Soybean seedlings in the morning

(Photo: Iowa Soybean Association / File Photo)

Walking Rows: ISA agronomist updates - June 6

June 6, 2024 | Kriss Nelson

Editor’s note: This report is part of a bi-monthly series featuring updates from the field from Iowa Soybean Association research agronomists.

Iowa Soybean Association research agronomists are reporting sporadic rainfall across the state over the past few weeks. This has kept some farmers out of the fields to finish planting while others could complete their post-emergence herbicide pass and side-dressing nitrogen. Now is the time to scout for early-season insects and diseases and assess weed pressure.

Drew Clemmensen - Northwest/Western Iowa

Soybean emergence looks good across my area in northwest Iowa, with most fields in the V1 to V3 stages. The early-planted corn is reaching the V4 to V6 stages and beginning its rapid nitrogen uptake.

Soybeans generally begin flowering around June 22. By this time, it is advisable to complete post-emergence spraying passes to reduce plant stress and ensure a successful pollination period.

Another important date to note is the June 12 cutoff date for spraying dicamba products.

Insects and diseases will remain a problem early in the growing season. It’s important to stay vigilant in scouting and to know the threshold levels for justifying treatments. Farmers should scout for insects first in no-till acres, field edges, grassy areas, or any areas where pests were found in previous years.

Shane Beck - Northeast/Northern Iowa

My region of north-central and northeast Iowa is finally seeing relief. Mother Nature is allowing some fields to dry, allowing farmers to return to the fields. Side-dressing corn and post-emergence herbicide applications have been top of mind for farmers.

This year, scouting and knowing what weeds are present is a very important practice. It is ideal to spray weeds before they grow taller than four to six inches. In this case, I recommend spraying full-label rates with proper adjuvants to achieve the best possible option for a successful weed kill.

It is also beneficial to scout fields the week following spraying to note any weed escapes and potentially make another pass with a different herbicide.

Some growers are deciding to replant whole or certain parts of their fields. Conducting stand counts in areas with thin plant stands will help you decide whether to replant.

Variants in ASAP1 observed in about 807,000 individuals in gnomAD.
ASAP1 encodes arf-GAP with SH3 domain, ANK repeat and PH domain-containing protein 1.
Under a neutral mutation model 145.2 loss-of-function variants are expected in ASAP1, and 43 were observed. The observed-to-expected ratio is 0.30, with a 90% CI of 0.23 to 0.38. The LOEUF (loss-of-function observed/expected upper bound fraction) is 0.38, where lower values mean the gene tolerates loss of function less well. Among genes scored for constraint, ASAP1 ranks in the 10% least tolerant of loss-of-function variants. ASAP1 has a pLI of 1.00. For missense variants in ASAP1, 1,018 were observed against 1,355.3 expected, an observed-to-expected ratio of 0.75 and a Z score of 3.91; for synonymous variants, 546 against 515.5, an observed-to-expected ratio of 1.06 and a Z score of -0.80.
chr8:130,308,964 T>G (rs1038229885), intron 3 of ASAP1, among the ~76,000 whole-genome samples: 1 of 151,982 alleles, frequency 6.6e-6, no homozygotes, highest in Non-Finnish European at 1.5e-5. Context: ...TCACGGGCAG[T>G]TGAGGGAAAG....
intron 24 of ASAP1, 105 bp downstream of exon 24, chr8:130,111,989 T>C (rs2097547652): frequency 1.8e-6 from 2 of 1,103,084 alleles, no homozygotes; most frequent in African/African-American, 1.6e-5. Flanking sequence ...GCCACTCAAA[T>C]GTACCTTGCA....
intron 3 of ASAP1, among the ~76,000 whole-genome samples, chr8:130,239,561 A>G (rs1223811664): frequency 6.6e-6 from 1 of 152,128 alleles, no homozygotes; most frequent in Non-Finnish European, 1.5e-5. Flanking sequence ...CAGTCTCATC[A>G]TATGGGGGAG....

Generally, if there are less than 80,000 plants per acre, it might be worth considering replanting or interseeding some more seeds between the existing rows.

Here are three steps to consider when evaluating plant stands.

Alex Schaffer - Central Iowa

The condition of the corn crop has improved significantly in the central part of the state. Standing water caused denitrification in certain areas, leading to yellowing of the corn. However, the corn is turning green with the onset of drier and warmer conditions. This may be because the corn is tapping into the nutrients from the fall-applied anhydrous.

If you are concerned about nitrogen availability in your soil, I recommend taking a Pre Side-dress Nitrate Test (PSNT) soil sample.

Last week allowed many farmers to begin their post-emergence herbicide applications and side-dressing in corn. It may not be too long before soybeans need to be sprayed. I encourage farmers to keep track of weed pressure and spray when the weeds are under a few inches in height, especially waterhemp, pigweed and marestail. Spraying when the weeds are taller, over four to six inches could affect the efficacy of your herbicides.

There have been some signs of herbicide injury in soybeans. I believe this happened when the seeds didn’t emerge in a timely manner and could not metabolize the herbicide as quickly. In most cases, the damage is nothing of real concern and only affects the cotyledon, which will be unnoticeable in a couple of weeks.

Lucas De Bruin - Southeast/Eastern Iowa

Most of the crops are planted in my area of southeast and east central Iowa. Once conditions improve, there will be a substantial amount of replanting of both corn and soybeans. Flooding has affected the river bottom ground in the southeast portion of the state. As of now, the rivers are back in their banks.

When considering replanting, be cautious with previous herbicide applications and perhaps  consider changing hybrids and varieties.

If the corn in a certain area has been damaged by excess water and you’re thinking about replanting soybeans, be aware that if a lot of nitrogen has been applied to the soil, the soybeans may grow too tall and not produce many pods because they will absorb the extra nitrogen and prioritize growth over pod production.

In the drier areas of my region, post-emergence herbicide applications for corn and side-dressing have begun. 

Mikaela Lawrence - Southwestern/Southern Iowa

Excessive rain is still causing planting delays in my region of southwest Iowa. With the wet conditions and farmers still working to complete their planting, it is not an ideal situation.

A grower reported encountering some thistle caterpillar pressure in early-planted soybeans. According to the Soybean Research Center and Information Network, although the Canada thistle is the pest’s preferred host, it can feed on soybeans. The caterpillar has a brown to black body, is one and one-fourth inches long, and has yellow striping on both sides. The branched, spiny hairs covering the body give the caterpillar a prickly appearance.

Start scouting for early-season insects. Additionally, it’s important to be aware of diseases that could cause issues with high moisture conditions and as humidity becomes more prevalent, such as frogeye leaf spot and white mold.